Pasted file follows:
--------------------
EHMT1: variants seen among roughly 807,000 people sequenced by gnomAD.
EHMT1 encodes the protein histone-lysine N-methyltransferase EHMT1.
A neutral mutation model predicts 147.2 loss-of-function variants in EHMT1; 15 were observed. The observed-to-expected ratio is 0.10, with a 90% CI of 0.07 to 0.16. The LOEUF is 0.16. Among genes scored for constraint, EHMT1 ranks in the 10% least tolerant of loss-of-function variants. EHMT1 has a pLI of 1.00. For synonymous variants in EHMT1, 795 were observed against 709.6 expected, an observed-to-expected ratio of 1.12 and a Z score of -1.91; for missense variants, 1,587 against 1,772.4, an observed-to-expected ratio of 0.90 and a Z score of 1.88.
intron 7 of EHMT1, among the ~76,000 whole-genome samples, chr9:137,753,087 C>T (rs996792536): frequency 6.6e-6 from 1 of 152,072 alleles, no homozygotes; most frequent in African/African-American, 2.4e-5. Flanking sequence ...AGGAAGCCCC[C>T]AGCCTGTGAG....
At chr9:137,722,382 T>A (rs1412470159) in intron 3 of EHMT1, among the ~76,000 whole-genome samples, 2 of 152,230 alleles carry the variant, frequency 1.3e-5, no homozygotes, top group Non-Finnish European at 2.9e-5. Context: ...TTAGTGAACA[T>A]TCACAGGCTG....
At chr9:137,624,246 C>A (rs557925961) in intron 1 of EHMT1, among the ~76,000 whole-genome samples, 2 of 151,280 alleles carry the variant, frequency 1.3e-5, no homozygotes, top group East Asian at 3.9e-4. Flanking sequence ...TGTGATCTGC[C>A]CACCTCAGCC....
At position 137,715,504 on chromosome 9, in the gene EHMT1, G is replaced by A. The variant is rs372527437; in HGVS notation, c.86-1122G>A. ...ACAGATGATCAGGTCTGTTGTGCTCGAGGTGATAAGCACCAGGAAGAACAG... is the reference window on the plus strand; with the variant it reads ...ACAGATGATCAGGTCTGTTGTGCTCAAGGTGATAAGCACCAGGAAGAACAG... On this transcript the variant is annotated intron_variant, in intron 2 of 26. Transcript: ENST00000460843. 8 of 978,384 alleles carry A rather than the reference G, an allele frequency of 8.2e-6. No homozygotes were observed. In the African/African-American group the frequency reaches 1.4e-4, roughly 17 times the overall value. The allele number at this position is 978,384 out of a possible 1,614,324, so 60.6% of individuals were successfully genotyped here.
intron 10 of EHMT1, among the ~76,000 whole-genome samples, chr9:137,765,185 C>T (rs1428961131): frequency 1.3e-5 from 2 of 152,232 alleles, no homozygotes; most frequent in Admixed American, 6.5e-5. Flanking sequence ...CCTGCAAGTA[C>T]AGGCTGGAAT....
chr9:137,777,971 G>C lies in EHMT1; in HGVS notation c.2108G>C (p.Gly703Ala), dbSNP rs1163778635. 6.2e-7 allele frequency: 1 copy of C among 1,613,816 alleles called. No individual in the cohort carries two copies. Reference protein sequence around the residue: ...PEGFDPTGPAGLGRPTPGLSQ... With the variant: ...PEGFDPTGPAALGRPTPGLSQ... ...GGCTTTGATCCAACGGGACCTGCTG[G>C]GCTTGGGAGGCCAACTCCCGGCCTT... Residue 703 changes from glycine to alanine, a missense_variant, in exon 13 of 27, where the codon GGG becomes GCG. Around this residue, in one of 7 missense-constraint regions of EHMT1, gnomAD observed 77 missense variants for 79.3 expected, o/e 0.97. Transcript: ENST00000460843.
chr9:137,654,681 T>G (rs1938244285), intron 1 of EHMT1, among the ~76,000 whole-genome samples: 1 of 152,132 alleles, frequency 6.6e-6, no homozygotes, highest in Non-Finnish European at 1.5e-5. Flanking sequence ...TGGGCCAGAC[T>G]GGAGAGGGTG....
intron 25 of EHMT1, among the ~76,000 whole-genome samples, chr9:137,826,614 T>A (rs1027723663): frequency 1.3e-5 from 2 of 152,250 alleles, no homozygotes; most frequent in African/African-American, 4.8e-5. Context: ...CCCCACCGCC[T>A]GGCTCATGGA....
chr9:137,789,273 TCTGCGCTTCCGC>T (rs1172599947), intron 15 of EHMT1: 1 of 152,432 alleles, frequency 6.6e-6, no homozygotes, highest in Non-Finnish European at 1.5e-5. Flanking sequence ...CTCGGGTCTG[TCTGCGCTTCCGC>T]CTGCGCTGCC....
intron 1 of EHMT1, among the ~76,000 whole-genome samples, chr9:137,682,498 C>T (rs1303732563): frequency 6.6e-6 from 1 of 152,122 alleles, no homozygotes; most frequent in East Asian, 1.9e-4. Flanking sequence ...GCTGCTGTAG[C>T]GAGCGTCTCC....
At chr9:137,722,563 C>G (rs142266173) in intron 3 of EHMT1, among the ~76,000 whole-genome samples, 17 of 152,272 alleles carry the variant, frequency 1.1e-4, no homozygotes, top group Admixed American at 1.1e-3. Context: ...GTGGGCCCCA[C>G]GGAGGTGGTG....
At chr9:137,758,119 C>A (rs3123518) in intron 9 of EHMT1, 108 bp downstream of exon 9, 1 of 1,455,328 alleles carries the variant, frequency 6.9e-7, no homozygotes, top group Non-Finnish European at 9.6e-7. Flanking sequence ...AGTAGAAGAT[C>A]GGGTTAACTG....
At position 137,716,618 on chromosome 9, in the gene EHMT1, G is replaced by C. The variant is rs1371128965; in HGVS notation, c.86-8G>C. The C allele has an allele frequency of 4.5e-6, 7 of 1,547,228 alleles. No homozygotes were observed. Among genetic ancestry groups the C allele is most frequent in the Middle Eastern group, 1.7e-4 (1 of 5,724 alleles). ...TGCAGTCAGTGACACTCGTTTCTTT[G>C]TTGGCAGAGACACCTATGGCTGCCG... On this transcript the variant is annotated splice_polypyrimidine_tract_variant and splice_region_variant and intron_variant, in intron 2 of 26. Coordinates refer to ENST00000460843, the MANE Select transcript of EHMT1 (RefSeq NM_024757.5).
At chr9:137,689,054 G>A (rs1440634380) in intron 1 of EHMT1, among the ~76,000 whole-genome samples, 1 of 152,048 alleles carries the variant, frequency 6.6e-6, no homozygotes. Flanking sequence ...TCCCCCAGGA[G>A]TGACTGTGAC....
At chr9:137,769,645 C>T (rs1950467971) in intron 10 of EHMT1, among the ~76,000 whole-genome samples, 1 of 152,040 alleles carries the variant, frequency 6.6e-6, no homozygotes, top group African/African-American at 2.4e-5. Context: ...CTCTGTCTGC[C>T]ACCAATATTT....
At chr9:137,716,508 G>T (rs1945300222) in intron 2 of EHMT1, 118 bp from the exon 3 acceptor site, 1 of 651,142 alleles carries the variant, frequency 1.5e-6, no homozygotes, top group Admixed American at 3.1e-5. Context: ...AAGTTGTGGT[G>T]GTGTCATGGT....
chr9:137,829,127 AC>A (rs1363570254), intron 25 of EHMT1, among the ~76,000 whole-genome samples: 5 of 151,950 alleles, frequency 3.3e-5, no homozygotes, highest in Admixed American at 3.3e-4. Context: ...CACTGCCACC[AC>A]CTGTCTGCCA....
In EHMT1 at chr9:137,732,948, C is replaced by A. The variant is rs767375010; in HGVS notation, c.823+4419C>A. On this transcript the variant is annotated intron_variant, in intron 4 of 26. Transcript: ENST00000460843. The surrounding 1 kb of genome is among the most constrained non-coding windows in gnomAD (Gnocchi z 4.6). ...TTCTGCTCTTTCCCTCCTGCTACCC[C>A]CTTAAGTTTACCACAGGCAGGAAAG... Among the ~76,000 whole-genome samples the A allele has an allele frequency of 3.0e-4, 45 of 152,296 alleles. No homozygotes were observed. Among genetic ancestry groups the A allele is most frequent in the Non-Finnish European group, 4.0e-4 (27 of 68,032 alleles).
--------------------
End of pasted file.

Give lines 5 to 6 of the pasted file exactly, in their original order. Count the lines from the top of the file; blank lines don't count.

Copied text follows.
At chr9:137,722,382 T>A (rs1412470159) in intron 3 of EHMT1, among the ~76,000 whole-genome samples, 2 of 152,230 alleles carry the variant, frequency 1.3e-5, no homozygotes, top group Non-Finnish European at 2.9e-5. Context: ...TTAGTGAACA[T>A]TCACAGGCTG....
At chr9:137,624,246 C>A (rs557925961) in intron 1 of EHMT1, among the ~76,000 whole-genome samples, 2 of 151,280 alleles carry the variant, frequency 1.3e-5, no homozygotes, top group East Asian at 3.9e-4. Flanking sequence ...TGTGATCTGC[C>A]CACCTCAGCC....